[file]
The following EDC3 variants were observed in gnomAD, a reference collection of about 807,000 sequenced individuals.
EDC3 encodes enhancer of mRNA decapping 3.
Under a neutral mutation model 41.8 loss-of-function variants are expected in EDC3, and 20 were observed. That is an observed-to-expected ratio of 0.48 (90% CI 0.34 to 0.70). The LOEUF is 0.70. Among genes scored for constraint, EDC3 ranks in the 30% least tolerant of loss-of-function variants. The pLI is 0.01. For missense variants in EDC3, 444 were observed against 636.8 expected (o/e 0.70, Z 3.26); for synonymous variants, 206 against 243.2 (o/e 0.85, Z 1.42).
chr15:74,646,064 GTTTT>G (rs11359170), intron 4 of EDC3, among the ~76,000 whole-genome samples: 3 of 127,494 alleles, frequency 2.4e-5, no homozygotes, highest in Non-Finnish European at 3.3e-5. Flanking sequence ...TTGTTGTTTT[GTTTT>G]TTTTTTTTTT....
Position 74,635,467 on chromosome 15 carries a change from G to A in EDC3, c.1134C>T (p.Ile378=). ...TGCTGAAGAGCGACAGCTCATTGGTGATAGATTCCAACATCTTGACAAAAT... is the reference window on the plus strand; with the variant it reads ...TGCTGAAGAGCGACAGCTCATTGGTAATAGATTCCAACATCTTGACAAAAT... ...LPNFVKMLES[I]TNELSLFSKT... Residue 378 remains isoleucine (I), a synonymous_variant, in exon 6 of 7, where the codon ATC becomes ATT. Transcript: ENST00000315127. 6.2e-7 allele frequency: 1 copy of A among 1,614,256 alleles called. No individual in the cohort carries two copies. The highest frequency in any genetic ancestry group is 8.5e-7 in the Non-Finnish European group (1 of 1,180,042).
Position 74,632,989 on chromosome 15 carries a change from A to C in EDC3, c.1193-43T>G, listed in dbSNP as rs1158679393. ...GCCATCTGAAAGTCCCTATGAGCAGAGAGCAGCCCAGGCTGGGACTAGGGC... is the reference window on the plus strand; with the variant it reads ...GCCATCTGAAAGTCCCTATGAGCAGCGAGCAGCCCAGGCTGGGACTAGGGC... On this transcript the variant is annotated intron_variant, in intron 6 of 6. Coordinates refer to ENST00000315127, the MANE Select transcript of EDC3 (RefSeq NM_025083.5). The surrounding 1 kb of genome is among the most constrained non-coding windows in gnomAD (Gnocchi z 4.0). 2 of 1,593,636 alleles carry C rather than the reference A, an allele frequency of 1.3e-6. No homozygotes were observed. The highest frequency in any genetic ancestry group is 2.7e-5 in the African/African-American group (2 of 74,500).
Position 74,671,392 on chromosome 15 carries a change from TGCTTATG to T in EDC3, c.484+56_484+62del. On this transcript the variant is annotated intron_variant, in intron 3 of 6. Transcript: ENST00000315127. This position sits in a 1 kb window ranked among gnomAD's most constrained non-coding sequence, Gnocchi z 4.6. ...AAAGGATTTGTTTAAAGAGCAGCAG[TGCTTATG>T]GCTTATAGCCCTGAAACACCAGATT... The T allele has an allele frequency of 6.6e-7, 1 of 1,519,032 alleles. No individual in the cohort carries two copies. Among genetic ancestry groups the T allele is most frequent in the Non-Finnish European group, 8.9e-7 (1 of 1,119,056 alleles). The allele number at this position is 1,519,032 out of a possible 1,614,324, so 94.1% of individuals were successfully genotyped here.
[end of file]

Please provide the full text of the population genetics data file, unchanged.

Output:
The following EDC3 variants were observed in gnomAD, a reference collection of about 807,000 sequenced individuals.
EDC3 encodes enhancer of mRNA decapping 3.
Under a neutral mutation model 41.8 loss-of-function variants are expected in EDC3, and 20 were observed. That is an observed-to-expected ratio of 0.48 (90% CI 0.34 to 0.70). The LOEUF is 0.70. Among genes scored for constraint, EDC3 ranks in the 30% least tolerant of loss-of-function variants. The pLI is 0.01. For missense variants in EDC3, 444 were observed against 636.8 expected (o/e 0.70, Z 3.26); for synonymous variants, 206 against 243.2 (o/e 0.85, Z 1.42).
chr15:74,646,064 GTTTT>G (rs11359170), intron 4 of EDC3, among the ~76,000 whole-genome samples: 3 of 127,494 alleles, frequency 2.4e-5, no homozygotes, highest in Non-Finnish European at 3.3e-5. Flanking sequence ...TTGTTGTTTT[GTTTT>G]TTTTTTTTTT....
Position 74,635,467 on chromosome 15 carries a change from G to A in EDC3, c.1134C>T (p.Ile378=). ...TGCTGAAGAGCGACAGCTCATTGGTGATAGATTCCAACATCTTGACAAAAT... is the reference window on the plus strand; with the variant it reads ...TGCTGAAGAGCGACAGCTCATTGGTAATAGATTCCAACATCTTGACAAAAT... ...LPNFVKMLES[I]TNELSLFSKT... Residue 378 remains isoleucine (I), a synonymous_variant, in exon 6 of 7, where the codon ATC becomes ATT. Transcript: ENST00000315127. 6.2e-7 allele frequency: 1 copy of A among 1,614,256 alleles called. No individual in the cohort carries two copies. The highest frequency in any genetic ancestry group is 8.5e-7 in the Non-Finnish European group (1 of 1,180,042).
Position 74,632,989 on chromosome 15 carries a change from A to C in EDC3, c.1193-43T>G, listed in dbSNP as rs1158679393. ...GCCATCTGAAAGTCCCTATGAGCAGAGAGCAGCCCAGGCTGGGACTAGGGC... is the reference window on the plus strand; with the variant it reads ...GCCATCTGAAAGTCCCTATGAGCAGCGAGCAGCCCAGGCTGGGACTAGGGC... On this transcript the variant is annotated intron_variant, in intron 6 of 6. Coordinates refer to ENST00000315127, the MANE Select transcript of EDC3 (RefSeq NM_025083.5). The surrounding 1 kb of genome is among the most constrained non-coding windows in gnomAD (Gnocchi z 4.0). 2 of 1,593,636 alleles carry C rather than the reference A, an allele frequency of 1.3e-6. No homozygotes were observed. The highest frequency in any genetic ancestry group is 2.7e-5 in the African/African-American group (2 of 74,500).
Position 74,671,392 on chromosome 15 carries a change from TGCTTATG to T in EDC3, c.484+56_484+62del. On this transcript the variant is annotated intron_variant, in intron 3 of 6. Transcript: ENST00000315127. This position sits in a 1 kb window ranked among gnomAD's most constrained non-coding sequence, Gnocchi z 4.6. ...AAAGGATTTGTTTAAAGAGCAGCAG[TGCTTATG>T]GCTTATAGCCCTGAAACACCAGATT... The T allele has an allele frequency of 6.6e-7, 1 of 1,519,032 alleles. No individual in the cohort carries two copies. Among genetic ancestry groups the T allele is most frequent in the Non-Finnish European group, 8.9e-7 (1 of 1,119,056 alleles). The allele number at this position is 1,519,032 out of a possible 1,614,324, so 94.1% of individuals were successfully genotyped here.